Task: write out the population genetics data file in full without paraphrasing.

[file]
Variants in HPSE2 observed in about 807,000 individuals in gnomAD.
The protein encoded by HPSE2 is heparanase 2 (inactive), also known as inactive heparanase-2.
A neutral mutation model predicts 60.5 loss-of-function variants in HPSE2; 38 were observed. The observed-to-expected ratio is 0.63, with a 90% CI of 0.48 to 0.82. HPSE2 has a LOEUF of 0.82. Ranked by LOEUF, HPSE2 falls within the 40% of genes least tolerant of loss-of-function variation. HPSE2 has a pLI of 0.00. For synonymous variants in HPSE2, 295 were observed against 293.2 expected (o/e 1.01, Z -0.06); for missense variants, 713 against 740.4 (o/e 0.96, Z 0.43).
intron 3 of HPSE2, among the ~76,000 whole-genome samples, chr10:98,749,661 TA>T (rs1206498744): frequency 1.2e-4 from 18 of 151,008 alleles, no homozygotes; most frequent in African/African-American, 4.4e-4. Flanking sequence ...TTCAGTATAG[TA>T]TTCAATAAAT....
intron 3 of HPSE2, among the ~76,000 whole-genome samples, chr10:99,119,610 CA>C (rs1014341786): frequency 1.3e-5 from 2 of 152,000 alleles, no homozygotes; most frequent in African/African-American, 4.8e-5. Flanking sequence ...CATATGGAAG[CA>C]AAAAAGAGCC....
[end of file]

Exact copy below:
Variants in HPSE2 observed in about 807,000 individuals in gnomAD.
The protein encoded by HPSE2 is heparanase 2 (inactive), also known as inactive heparanase-2.
A neutral mutation model predicts 60.5 loss-of-function variants in HPSE2; 38 were observed. The observed-to-expected ratio is 0.63, with a 90% CI of 0.48 to 0.82. HPSE2 has a LOEUF of 0.82. Ranked by LOEUF, HPSE2 falls within the 40% of genes least tolerant of loss-of-function variation. HPSE2 has a pLI of 0.00. For synonymous variants in HPSE2, 295 were observed against 293.2 expected (o/e 1.01, Z -0.06); for missense variants, 713 against 740.4 (o/e 0.96, Z 0.43).
intron 3 of HPSE2, among the ~76,000 whole-genome samples, chr10:98,749,661 TA>T (rs1206498744): frequency 1.2e-4 from 18 of 151,008 alleles, no homozygotes; most frequent in African/African-American, 4.4e-4. Flanking sequence ...TTCAGTATAG[TA>T]TTCAATAAAT....
intron 3 of HPSE2, among the ~76,000 whole-genome samples, chr10:99,119,610 CA>C (rs1014341786): frequency 1.3e-5 from 2 of 152,000 alleles, no homozygotes; most frequent in African/African-American, 4.8e-5. Flanking sequence ...CATATGGAAG[CA>C]AAAAAGAGCC....